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In many tutorials (especially for authentication), speakers say to put user authentication and profile information in the same table (model) called User.

My question is simple: Is it safe to put everything in one table? (bonus: is this the best practice?)

I would rather suggest to separate authentication information (email, password, salt,...) and profile information (first name, last name, birth day, location, gender,...) in two models: User (for authentication) and Profile, and linking models by has_one/belongs_to associations.

Am I wrong? What do you suggest me?


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Maybe this question helps you. stackoverflow.com/questions/8555686/… –  emrahbasman Aug 20 '12 at 15:16

2 Answers 2

If you want to follow database normalisations you should separate the tables. However, sometimes it is not the best option... For example, if your table users has just email, password (for authentication) and name. I won't create a profile table just to store the name, right?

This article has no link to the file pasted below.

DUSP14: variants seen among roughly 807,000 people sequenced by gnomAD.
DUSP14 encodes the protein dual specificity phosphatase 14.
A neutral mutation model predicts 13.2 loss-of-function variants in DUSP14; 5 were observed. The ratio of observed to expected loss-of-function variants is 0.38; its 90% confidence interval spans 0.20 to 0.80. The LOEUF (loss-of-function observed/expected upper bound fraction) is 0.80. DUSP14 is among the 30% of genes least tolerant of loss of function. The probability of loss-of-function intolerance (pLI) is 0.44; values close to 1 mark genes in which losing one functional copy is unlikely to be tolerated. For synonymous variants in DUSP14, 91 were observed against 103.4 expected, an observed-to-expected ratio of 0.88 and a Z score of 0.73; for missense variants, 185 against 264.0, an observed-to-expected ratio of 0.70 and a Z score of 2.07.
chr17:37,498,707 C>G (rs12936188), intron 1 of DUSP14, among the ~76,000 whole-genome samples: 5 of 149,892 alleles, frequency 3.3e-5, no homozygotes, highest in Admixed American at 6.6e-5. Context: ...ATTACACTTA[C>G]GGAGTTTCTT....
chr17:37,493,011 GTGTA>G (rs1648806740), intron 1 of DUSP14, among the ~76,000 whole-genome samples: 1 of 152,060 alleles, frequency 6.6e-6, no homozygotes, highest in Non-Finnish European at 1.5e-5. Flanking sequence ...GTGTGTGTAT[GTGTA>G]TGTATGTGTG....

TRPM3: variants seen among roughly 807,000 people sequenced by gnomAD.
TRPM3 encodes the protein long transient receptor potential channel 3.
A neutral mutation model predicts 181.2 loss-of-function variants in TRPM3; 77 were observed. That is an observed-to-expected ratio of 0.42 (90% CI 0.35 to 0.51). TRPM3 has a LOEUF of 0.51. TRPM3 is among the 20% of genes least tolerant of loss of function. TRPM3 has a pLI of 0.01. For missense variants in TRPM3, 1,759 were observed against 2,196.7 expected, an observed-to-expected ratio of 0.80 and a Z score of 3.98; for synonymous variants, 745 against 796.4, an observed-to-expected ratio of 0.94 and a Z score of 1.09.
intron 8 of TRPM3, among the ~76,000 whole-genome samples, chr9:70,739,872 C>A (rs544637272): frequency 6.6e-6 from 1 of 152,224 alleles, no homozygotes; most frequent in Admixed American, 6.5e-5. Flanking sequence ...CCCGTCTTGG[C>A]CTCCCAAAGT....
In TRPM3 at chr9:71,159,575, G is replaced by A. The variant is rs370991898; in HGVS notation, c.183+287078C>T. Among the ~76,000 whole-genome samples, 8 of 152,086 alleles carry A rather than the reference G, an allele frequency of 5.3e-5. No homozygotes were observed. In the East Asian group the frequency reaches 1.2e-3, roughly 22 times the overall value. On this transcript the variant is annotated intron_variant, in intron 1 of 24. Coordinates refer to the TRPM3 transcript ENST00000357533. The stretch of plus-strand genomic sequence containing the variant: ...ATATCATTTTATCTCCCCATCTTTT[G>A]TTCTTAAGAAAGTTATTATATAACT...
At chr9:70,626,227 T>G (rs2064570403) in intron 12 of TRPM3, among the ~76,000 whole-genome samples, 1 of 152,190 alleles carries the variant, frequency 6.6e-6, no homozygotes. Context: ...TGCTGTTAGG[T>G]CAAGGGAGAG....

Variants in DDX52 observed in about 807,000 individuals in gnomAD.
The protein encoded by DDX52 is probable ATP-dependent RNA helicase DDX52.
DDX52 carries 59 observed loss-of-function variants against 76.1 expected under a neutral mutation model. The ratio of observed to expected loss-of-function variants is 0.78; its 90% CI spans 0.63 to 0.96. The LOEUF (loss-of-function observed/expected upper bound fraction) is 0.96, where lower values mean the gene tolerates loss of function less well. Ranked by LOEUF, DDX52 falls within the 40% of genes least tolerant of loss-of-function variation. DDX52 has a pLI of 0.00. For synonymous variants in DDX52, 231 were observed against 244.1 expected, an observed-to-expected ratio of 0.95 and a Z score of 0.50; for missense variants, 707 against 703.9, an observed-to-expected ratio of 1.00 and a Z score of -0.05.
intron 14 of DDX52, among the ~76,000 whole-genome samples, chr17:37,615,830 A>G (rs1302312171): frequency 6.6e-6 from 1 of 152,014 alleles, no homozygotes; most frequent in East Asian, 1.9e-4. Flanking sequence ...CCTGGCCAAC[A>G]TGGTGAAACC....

So, it will depend on your requirements to make your design decisions....

I found this interesting post about it, where @D Roddis explain some advantages and disadvantages about three different approaches: Storing User Profile in Users Table, Storing User Profile in User_Profile Table 1-1 relationship to users and Storing User Profile as properties and values in tables.

I hope it helps...

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I'd put them in seperate models myself.

How many actions are there which operate on user and profile together? Not many, There are a lot in both constructs where they need to know nothing (or nothing more than the id) about each other.

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